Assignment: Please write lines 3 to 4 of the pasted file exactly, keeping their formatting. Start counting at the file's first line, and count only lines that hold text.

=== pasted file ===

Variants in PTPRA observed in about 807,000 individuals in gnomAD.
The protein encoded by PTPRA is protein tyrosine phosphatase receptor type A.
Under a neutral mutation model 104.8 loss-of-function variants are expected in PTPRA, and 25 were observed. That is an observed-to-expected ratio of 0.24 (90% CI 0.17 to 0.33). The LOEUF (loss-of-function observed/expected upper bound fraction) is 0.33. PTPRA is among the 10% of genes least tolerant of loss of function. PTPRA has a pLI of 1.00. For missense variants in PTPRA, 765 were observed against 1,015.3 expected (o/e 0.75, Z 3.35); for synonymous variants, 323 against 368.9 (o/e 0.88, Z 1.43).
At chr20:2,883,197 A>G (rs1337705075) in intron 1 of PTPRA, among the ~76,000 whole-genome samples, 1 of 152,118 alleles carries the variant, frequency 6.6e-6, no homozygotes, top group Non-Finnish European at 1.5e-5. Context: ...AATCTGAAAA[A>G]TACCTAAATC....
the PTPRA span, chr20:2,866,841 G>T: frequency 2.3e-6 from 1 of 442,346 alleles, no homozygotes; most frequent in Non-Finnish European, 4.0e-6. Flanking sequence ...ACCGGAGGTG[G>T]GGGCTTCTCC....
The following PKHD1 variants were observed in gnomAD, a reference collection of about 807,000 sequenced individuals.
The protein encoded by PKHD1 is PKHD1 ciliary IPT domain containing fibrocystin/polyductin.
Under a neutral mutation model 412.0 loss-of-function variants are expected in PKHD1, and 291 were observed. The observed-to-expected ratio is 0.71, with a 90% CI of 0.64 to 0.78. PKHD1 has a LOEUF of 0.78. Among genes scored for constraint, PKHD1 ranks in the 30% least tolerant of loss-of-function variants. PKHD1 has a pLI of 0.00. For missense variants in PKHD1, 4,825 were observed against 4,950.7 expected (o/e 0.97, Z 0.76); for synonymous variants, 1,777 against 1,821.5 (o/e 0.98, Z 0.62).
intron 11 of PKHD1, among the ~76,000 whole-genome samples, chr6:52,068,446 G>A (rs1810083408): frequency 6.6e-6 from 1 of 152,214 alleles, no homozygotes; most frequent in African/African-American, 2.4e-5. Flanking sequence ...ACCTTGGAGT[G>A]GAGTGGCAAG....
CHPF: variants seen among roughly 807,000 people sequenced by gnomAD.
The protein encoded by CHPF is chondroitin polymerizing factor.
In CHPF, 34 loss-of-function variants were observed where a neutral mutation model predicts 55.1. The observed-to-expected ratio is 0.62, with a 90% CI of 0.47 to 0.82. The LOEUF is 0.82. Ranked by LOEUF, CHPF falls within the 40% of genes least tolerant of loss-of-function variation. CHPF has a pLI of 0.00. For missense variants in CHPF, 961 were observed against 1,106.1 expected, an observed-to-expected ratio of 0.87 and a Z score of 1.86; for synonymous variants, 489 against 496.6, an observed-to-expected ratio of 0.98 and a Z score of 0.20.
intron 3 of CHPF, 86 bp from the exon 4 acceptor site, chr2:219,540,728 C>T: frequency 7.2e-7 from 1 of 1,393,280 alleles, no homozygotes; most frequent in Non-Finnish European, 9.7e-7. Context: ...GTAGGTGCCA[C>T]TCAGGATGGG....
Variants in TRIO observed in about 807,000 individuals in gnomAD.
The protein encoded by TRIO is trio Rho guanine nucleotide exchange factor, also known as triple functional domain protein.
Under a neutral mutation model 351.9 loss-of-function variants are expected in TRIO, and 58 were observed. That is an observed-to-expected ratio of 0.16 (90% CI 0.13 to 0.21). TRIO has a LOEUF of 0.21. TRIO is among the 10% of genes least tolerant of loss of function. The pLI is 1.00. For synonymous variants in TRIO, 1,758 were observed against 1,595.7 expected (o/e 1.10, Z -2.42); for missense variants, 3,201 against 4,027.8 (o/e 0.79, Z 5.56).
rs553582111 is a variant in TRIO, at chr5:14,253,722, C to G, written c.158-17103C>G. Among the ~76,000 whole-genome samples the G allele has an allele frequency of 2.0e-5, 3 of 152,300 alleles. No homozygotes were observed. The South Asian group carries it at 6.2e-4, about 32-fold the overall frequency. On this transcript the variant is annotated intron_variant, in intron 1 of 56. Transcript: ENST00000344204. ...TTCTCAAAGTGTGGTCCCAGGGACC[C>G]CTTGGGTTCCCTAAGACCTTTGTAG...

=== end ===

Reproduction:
Under a neutral mutation model 104.8 loss-of-function variants are expected in PTPRA, and 25 were observed. That is an observed-to-expected ratio of 0.24 (90% CI 0.17 to 0.33). The LOEUF (loss-of-function observed/expected upper bound fraction) is 0.33. PTPRA is among the 10% of genes least tolerant of loss of function. PTPRA has a pLI of 1.00. For missense variants in PTPRA, 765 were observed against 1,015.3 expected (o/e 0.75, Z 3.35); for synonymous variants, 323 against 368.9 (o/e 0.88, Z 1.43).
At chr20:2,883,197 A>G (rs1337705075) in intron 1 of PTPRA, among the ~76,000 whole-genome samples, 1 of 152,118 alleles carries the variant, frequency 6.6e-6, no homozygotes, top group Non-Finnish European at 1.5e-5. Context: ...AATCTGAAAA[A>G]TACCTAAATC....